Discussion:
Minutia in CT for Bitcoin. Was: SF proposal: prohibit unspendable outputs with amount=0
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Gregory Maxwell via bitcoin-dev
2017-09-13 09:39:28 UTC
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On Wed, Sep 13, 2017 at 9:24 AM, Peter Todd via bitcoin-dev
2) Spending CT-shielded outputs to unshielded outputs
Here one or more CT-shielded outputs will be spent. Since their value is zero,
we make up the difference by spending one or more outputs from the CT pool,
with the change - if any - assigned to a CT-pool output.
Can we solve the problem that pool inputs are gratuitously non-reorg
safe, without creating something like a maturity limit for shielded to
unshielded?

So far the best I have is this: Support unshielded coins in shielded
space too. So the only time you transition out of the pool is paying
to a legacy wallet. If support were phased in (e.g. addresses that
say you can pay me in the pool after its enabled), and the pool only
used long after wallets supported getting payments in it, then this
would be pretty rare and a maturity limit wouldn't be a big deal.

Can better be done?
Peter Todd via bitcoin-dev
2017-09-13 10:03:28 UTC
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Post by Gregory Maxwell via bitcoin-dev
On Wed, Sep 13, 2017 at 9:24 AM, Peter Todd via bitcoin-dev
2) Spending CT-shielded outputs to unshielded outputs
Here one or more CT-shielded outputs will be spent. Since their value is zero,
we make up the difference by spending one or more outputs from the CT pool,
with the change - if any - assigned to a CT-pool output.
Can we solve the problem that pool inputs are gratuitously non-reorg
safe, without creating something like a maturity limit for shielded to
unshielded?
So to be clear, we have two versions of this problem:

1) CT signatures do *not* sign which pool input they're using

Here, obviously the inputs can be changed at will by miners. An implementation
could have the exact CT pool input be something miners add; the CT transactions
broadcast on the P2P network wouldn't actually need them.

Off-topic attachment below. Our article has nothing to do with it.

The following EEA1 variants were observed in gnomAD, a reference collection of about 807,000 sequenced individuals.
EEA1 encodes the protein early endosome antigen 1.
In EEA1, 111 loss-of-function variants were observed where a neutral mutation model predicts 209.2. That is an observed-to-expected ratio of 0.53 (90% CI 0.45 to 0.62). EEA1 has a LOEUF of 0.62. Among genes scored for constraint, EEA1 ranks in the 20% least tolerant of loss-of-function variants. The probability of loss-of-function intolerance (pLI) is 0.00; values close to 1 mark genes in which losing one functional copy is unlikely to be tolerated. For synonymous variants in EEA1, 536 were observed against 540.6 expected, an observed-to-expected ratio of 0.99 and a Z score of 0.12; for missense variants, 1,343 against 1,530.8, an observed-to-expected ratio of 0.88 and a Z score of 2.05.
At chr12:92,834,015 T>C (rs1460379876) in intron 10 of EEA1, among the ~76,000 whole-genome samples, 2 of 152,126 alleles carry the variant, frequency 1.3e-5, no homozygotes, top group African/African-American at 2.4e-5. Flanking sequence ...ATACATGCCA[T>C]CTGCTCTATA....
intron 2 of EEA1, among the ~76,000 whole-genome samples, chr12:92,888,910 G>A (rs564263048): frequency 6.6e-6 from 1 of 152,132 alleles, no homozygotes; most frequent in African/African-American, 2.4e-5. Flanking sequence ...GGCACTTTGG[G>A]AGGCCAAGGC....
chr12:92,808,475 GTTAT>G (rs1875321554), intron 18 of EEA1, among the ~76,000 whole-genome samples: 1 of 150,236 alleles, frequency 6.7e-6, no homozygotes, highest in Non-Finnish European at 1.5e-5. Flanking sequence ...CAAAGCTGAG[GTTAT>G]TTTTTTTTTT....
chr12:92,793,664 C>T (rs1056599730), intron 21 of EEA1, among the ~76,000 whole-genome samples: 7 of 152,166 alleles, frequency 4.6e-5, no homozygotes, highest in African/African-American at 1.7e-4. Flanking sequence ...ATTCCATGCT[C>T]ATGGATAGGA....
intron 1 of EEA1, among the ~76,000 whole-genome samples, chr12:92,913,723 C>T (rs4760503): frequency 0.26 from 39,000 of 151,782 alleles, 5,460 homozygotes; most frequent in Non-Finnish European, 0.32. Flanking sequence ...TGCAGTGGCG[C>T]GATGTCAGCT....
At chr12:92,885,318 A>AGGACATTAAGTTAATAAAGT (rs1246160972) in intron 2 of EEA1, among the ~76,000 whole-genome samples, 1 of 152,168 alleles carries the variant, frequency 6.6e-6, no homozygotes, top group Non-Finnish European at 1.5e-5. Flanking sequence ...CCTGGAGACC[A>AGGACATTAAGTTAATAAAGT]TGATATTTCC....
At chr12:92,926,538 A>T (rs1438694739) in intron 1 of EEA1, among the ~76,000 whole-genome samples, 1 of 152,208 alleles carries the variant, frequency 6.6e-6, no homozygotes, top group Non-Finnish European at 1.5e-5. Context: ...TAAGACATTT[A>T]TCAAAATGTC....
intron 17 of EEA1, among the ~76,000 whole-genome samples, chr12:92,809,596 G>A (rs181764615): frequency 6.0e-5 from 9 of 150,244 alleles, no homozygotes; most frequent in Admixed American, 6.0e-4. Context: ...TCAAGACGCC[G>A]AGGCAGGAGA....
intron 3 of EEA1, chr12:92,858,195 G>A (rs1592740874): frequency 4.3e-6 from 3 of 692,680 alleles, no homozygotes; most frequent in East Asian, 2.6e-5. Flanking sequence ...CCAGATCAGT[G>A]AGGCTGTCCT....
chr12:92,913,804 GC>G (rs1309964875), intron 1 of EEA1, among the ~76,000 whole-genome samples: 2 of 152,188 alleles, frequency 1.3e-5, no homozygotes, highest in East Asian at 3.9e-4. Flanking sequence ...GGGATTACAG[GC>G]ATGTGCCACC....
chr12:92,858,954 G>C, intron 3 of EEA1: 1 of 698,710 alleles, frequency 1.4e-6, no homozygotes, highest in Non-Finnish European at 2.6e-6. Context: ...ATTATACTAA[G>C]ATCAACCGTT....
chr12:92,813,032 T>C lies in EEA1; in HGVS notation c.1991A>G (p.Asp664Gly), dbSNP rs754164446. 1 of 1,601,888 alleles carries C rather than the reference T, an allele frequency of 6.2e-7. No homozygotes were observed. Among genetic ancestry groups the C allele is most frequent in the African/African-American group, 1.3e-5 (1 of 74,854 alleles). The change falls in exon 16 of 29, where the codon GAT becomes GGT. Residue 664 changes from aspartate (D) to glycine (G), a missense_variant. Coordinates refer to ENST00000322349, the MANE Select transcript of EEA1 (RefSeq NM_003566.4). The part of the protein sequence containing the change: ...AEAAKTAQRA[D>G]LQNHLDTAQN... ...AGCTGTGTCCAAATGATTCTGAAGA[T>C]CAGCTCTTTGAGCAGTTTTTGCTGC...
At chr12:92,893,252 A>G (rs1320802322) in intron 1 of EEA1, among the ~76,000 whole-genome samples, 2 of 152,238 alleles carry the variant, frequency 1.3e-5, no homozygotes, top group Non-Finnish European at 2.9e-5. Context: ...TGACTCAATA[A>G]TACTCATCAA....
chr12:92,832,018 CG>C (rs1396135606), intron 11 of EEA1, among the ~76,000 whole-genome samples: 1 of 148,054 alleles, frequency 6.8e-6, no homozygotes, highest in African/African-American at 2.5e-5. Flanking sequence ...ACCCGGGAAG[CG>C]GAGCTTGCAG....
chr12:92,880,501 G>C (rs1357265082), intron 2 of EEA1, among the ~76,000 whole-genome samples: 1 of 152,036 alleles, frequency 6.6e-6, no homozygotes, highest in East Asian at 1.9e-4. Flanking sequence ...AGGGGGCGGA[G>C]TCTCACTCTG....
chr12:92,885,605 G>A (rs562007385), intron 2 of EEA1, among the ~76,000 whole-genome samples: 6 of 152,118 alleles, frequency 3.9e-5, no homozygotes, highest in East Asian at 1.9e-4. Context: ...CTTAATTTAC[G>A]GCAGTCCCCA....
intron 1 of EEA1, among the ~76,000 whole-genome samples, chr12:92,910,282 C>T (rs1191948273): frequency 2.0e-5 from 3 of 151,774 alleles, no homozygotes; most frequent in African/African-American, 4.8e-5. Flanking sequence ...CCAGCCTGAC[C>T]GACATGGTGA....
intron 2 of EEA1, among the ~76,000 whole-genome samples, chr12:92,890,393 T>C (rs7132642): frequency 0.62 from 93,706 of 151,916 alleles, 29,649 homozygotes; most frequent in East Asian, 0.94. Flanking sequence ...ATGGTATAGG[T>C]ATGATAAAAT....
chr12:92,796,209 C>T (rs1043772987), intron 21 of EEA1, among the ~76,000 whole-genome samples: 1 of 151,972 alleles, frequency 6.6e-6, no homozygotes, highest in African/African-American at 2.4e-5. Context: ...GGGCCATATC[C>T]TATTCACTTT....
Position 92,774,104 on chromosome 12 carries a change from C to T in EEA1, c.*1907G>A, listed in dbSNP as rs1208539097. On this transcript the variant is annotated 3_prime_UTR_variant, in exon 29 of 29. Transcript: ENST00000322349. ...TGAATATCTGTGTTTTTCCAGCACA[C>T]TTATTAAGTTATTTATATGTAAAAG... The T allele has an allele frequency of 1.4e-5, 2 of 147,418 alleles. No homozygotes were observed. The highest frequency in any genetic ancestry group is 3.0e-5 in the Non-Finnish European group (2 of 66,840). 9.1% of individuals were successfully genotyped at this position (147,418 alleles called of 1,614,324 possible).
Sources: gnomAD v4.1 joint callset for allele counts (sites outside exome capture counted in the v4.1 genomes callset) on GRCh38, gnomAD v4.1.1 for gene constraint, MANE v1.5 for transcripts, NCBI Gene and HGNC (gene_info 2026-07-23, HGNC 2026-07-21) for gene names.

2) CT signatures *do* sign which pool input they're using

Wallets would pick the input at random. This is required if you want to have a
transaction spending both CT and legacy inputs. This reduces the reorg risk to
double-spends. While double-spends are always a potential problem, the problem
is somewhat worse here, as even regular wallets are spending inputs that anyone
can choose to spend.
Post by Gregory Maxwell via bitcoin-dev
So far the best I have is this: Support unshielded coins in shielded
space too. So the only time you transition out of the pool is paying
to a legacy wallet. If support were phased in (e.g. addresses that
say you can pay me in the pool after its enabled), and the pool only
used long after wallets supported getting payments in it, then this
would be pretty rare and a maturity limit wouldn't be a big deal.
So basically, you're essentially observing that in the event that everyone uses
CT, this isn't actually a problem; you're allowing everyone to "use" CT, by
trying to allow even unshielded outputs to "use" it.

Which means by "unshielded output", what you *actuall* mean is creating a CT
transaction where the output - even though it's a zero-valued CT output - is
constructed such that the value is public information.

Or do you mean trying to have non-CT outputs in the pool somehow? I don't think
that makes sense, because the whole point of the pool is that the outputs in it
are anyone-can-spend, and thus any CT transaction may spend them; which CT
transaction spends them gives no information about the ownership of the coins.
This is incompatible with anything but anyone-can-spend outputs.
Post by Gregory Maxwell via bitcoin-dev
Can better be done?
Note that the order in which outputs in the pool are spent can be
deterministic. For example, you could say that each transaction must spend the
oldest outputs in the pool (that sum to the value needed). You could probably
come up with a scheme where the outputs that will be spent in the future in the
event that the output is spent back to an unshielded output is fixed when the
output was created, for example, by picking a random index. While this wouldn't
prevent all collisions, it'd may be possible to make reorgs relatively safe, by
constraining how miners could txids.

Specifically, you could imagine a scheme where if a given input set can only be
satisified by unspent pool outputs with index's >= i, then the miner would need
to have the ability to mine a conflicting transaction that also happened to
have the same pool output set. Given a sufficiently large set of pool outputs,
this may be an impractical attack most of the time.
--
https://petertodd.org 'peter'[:-1]@petertodd.org
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